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Tips for Selecting Abrasives for Blasting Media

Posted by Kevin Hughes | Sep 28, 2018 11:15:00 AM

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Do you have a project that needs to be repainted, but first needs to be stripped and you are not quite sure what type of abrasive you will need? Maybe you have tried your hand at blasting, but you feel that you might not have used the correct type required to make it look like you wanted. Perhaps you are not sure what media blasting is good for, so we will first go over what it can do and then present some of the best abrasives to use for specific jobs.

Abrasive blasting has been around for at least one hundred and forty-eight years and is used to strip, shape, restore and clean surfaces. The size and type of the surface can determine what kind of blasting unit will be used, as well as the type of abrasives that you will need. For instance, if you are working with a project that’s exterior is even and firm, you will need to put an Anchor pattern on it. An Anchor pattern is when the abrasive that you are using leaves little dents in the surface, and the distance from the top of a peak (dent) down to the lowest part of the surface is recognized as the depth profile. Once these tiny little peaks and valleys are on the surface, it is easier for the coating of your choice to be put on.

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Abrasive Types

There are too many abrasive types to list, but we are going to focus on six, which are:

  • Grit and Sand – Silica sand (which can cause health issues and should only be used if needed) was used initially, but now there are other choices. The best uses for sand are: removing paint, varnish or stains, corrosion and buildup that is on concrete, stone, brick, wood ceilings or beams. Once the job is complete the surface should be clean so that you can either apply a coating or keep it in its natural state.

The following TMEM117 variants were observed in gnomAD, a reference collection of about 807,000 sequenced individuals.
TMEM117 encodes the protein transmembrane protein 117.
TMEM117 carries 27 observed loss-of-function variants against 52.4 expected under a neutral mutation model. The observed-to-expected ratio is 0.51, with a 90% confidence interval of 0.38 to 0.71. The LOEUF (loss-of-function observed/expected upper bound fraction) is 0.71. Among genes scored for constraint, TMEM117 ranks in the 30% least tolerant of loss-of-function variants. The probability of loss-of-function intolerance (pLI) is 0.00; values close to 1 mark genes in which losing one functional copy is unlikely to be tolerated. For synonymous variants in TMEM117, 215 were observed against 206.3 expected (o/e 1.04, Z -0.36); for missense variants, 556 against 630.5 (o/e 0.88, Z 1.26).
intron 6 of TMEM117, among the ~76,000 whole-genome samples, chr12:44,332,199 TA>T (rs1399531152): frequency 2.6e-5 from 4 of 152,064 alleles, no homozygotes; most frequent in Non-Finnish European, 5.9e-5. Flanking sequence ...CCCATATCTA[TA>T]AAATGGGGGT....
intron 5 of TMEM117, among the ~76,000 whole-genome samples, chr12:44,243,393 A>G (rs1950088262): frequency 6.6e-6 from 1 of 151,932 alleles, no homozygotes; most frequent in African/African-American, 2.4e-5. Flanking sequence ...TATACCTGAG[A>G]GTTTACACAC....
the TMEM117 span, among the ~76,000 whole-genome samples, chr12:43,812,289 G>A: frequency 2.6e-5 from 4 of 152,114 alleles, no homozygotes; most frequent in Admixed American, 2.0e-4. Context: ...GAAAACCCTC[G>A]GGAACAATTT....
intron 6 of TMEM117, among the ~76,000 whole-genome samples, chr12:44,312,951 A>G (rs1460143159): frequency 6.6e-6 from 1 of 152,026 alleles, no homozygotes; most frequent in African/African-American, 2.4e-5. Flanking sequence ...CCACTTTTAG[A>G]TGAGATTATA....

• Glass Bead – This abrasive is recyclable soda lime glass that can be utilized up to one hundred times, so this is a great one to use if your objective is a glossy appearance and cost-effective
  • Synthetic – This includes plastic beads and sodium bicarbonate, best used in cleaning. With synthetics, you will be able to clean many different types of delicate surfaces without running the risk of damage. In the nineteen-eighties, this was the treatment that was chosen to be used in restoring The Statue of Liberty. Baking Soda is a fantastic abrasive to use on surfaces that need deodorizing, such as for fire refurbishment. The one big drawback to utilizing it is if using near any plants it will destroy them, so you must take precautions.
  • Water and Vapor – Some of the little to no dust abrasives are done using water and can be mixed with some of the other abrasives, such as baking soda. You can also blast utilizing a sponge jet in this type of method. All of the water, vapor and sponge blasting can be used for things that need to be gently removed.
  • Dry Ice – The use of a mixture of water and dry ice and is an excellent choice for little to no media or residue left over. This is also a good choice in the case of being accepted for food safety products.
  • Coal Slag – This is made from crumpled coal and is somewhat easy to manage for the cost. It is used best for preparing a piece for painting.

Angularity Classification

The shape of the abrasive will help to determine just how large or how small the peaks and valleys will be. Particles that have an angular shape are best used to slash across coatings that are soft, as well as rust and clean much faster than the rounded particles; these types also leave a more defined anchor pattern. If you need a smoother, peened exterior then using a rounded particle is what you will need.

The different shapes and the type of abrasives are:

  • Angular – Coal Slag and Crushed Glass
  • Sub-Angular – Garnet, Olivine and Plastic
  • Sub-Rounded – Staurolite and Walnut
  • Rounded – Glass Bead and Silica Sand

As you can see, there are a lot of different types of abrasives to choose. So it is best when you are going to start a project, whether it is big or small, using a blasting cabinet, open air portable blast pot or a blast room, you will need to figure out how you need your finished product to look. If you are unsure if you can accomplish the right results, consider using a knowledgeable company to do it for you.

Topics: Industrial Projects

Written by Kevin Hughes

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